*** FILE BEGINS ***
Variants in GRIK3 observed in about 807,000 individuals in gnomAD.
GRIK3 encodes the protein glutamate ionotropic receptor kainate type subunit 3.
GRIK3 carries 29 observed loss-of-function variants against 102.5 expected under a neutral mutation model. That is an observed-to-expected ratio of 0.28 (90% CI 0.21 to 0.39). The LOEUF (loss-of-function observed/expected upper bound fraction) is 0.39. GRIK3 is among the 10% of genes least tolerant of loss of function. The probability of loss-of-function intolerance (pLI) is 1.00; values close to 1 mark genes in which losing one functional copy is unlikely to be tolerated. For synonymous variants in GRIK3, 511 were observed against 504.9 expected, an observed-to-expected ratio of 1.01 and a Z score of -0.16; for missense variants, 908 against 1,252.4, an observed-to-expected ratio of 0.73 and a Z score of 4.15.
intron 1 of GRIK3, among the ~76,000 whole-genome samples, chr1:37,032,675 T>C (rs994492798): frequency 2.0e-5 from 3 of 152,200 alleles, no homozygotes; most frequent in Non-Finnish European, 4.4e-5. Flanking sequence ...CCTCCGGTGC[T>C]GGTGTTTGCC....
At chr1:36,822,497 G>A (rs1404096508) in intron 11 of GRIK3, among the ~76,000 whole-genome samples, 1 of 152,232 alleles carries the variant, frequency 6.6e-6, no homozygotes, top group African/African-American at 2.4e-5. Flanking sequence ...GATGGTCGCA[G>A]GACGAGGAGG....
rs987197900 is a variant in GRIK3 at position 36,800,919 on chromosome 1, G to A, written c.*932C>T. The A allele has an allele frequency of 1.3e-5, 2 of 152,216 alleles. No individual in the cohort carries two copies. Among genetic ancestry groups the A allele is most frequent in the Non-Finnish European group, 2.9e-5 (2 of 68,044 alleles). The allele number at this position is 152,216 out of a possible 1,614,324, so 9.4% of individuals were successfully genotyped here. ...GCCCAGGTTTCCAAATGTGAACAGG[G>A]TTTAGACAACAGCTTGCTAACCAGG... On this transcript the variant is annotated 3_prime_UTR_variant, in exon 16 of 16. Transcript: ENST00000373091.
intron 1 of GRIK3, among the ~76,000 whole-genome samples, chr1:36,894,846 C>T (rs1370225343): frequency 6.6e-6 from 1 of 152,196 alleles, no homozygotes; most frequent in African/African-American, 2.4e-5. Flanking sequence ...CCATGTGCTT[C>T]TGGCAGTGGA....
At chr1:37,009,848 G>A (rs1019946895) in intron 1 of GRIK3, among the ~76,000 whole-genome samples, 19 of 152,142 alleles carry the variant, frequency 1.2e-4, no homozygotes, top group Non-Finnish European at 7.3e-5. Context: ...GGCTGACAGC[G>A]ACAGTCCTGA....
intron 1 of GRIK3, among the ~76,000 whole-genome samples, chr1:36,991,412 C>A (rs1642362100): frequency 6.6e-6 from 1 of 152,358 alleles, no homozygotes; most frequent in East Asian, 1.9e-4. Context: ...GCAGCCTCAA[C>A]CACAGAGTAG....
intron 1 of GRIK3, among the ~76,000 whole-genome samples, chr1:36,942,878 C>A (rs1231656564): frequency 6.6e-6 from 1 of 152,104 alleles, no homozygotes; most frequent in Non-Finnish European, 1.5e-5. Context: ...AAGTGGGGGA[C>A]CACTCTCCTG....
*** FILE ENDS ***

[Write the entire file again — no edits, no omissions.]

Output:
Variants in GRIK3 observed in about 807,000 individuals in gnomAD.
GRIK3 encodes the protein glutamate ionotropic receptor kainate type subunit 3.
GRIK3 carries 29 observed loss-of-function variants against 102.5 expected under a neutral mutation model. That is an observed-to-expected ratio of 0.28 (90% CI 0.21 to 0.39). The LOEUF (loss-of-function observed/expected upper bound fraction) is 0.39. GRIK3 is among the 10% of genes least tolerant of loss of function. The probability of loss-of-function intolerance (pLI) is 1.00; values close to 1 mark genes in which losing one functional copy is unlikely to be tolerated. For synonymous variants in GRIK3, 511 were observed against 504.9 expected, an observed-to-expected ratio of 1.01 and a Z score of -0.16; for missense variants, 908 against 1,252.4, an observed-to-expected ratio of 0.73 and a Z score of 4.15.
intron 1 of GRIK3, among the ~76,000 whole-genome samples, chr1:37,032,675 T>C (rs994492798): frequency 2.0e-5 from 3 of 152,200 alleles, no homozygotes; most frequent in Non-Finnish European, 4.4e-5. Flanking sequence ...CCTCCGGTGC[T>C]GGTGTTTGCC....
At chr1:36,822,497 G>A (rs1404096508) in intron 11 of GRIK3, among the ~76,000 whole-genome samples, 1 of 152,232 alleles carries the variant, frequency 6.6e-6, no homozygotes, top group African/African-American at 2.4e-5. Flanking sequence ...GATGGTCGCA[G>A]GACGAGGAGG....
rs987197900 is a variant in GRIK3 at position 36,800,919 on chromosome 1, G to A, written c.*932C>T. The A allele has an allele frequency of 1.3e-5, 2 of 152,216 alleles. No individual in the cohort carries two copies. Among genetic ancestry groups the A allele is most frequent in the Non-Finnish European group, 2.9e-5 (2 of 68,044 alleles). The allele number at this position is 152,216 out of a possible 1,614,324, so 9.4% of individuals were successfully genotyped here. ...GCCCAGGTTTCCAAATGTGAACAGG[G>A]TTTAGACAACAGCTTGCTAACCAGG... On this transcript the variant is annotated 3_prime_UTR_variant, in exon 16 of 16. Transcript: ENST00000373091.
intron 1 of GRIK3, among the ~76,000 whole-genome samples, chr1:36,894,846 C>T (rs1370225343): frequency 6.6e-6 from 1 of 152,196 alleles, no homozygotes; most frequent in African/African-American, 2.4e-5. Flanking sequence ...CCATGTGCTT[C>T]TGGCAGTGGA....
At chr1:37,009,848 G>A (rs1019946895) in intron 1 of GRIK3, among the ~76,000 whole-genome samples, 19 of 152,142 alleles carry the variant, frequency 1.2e-4, no homozygotes, top group Non-Finnish European at 7.3e-5. Context: ...GGCTGACAGC[G>A]ACAGTCCTGA....
intron 1 of GRIK3, among the ~76,000 whole-genome samples, chr1:36,991,412 C>A (rs1642362100): frequency 6.6e-6 from 1 of 152,358 alleles, no homozygotes; most frequent in East Asian, 1.9e-4. Context: ...GCAGCCTCAA[C>A]CACAGAGTAG....
intron 1 of GRIK3, among the ~76,000 whole-genome samples, chr1:36,942,878 C>A (rs1231656564): frequency 6.6e-6 from 1 of 152,104 alleles, no homozygotes; most frequent in Non-Finnish European, 1.5e-5. Context: ...AAGTGGGGGA[C>A]CACTCTCCTG....